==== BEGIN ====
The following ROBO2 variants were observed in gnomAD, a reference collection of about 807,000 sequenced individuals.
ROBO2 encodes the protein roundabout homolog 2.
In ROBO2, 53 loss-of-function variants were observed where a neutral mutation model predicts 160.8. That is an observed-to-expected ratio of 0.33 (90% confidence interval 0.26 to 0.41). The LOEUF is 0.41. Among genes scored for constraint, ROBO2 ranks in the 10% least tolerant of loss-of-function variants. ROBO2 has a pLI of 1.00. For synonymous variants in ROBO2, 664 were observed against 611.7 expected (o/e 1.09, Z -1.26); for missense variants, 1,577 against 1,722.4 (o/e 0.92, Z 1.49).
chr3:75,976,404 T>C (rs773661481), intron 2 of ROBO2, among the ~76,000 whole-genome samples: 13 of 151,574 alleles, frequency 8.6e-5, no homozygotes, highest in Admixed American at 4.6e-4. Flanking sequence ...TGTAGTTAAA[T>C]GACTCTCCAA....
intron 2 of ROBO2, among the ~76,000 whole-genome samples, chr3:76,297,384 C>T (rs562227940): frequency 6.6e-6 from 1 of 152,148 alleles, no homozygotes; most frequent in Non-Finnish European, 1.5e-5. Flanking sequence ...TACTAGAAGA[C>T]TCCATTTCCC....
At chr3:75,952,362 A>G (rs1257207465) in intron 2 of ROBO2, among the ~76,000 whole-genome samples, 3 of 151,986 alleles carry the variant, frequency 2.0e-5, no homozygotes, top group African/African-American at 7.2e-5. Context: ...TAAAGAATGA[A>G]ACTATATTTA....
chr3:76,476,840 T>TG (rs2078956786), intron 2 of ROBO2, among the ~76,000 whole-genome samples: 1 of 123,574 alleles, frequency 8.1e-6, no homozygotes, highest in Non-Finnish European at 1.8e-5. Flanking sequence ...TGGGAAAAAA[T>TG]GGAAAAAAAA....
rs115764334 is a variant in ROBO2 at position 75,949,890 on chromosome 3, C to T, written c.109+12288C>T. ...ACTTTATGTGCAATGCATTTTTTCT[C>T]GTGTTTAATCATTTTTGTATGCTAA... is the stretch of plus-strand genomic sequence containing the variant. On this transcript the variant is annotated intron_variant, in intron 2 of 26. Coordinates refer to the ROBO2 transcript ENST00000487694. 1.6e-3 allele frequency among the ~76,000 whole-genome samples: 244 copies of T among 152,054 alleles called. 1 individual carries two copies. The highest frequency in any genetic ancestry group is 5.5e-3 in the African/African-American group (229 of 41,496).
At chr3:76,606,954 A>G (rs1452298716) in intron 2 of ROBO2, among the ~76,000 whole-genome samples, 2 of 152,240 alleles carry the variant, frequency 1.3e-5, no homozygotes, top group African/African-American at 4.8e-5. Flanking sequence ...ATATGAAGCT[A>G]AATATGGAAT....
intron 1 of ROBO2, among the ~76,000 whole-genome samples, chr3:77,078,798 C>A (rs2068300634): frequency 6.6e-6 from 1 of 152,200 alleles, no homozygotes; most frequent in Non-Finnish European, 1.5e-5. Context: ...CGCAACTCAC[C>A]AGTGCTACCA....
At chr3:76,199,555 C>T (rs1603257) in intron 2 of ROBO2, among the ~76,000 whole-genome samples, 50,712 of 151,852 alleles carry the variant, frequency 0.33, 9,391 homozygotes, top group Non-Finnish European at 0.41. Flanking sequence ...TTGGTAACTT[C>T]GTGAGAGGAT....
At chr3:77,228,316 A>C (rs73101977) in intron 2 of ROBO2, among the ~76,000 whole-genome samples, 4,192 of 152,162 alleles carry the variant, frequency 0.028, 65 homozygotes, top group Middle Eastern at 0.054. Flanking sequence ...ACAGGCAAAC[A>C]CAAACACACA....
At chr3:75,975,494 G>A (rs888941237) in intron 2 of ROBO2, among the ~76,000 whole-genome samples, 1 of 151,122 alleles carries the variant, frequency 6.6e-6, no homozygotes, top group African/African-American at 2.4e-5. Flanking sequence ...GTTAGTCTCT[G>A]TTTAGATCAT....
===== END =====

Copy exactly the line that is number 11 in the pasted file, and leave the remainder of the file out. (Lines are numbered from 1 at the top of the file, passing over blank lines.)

At chr3:76,199,555 C>T (rs1603257) in intron 2 of ROBO2, among the ~76,000 whole-genome samples, 50,712 of 151,852 alleles carry the variant, frequency 0.33, 9,391 homozygotes, top group Non-Finnish European at 0.41. Flanking sequence ...TTGGTAACTT[C>T]GTGAGAGGAT....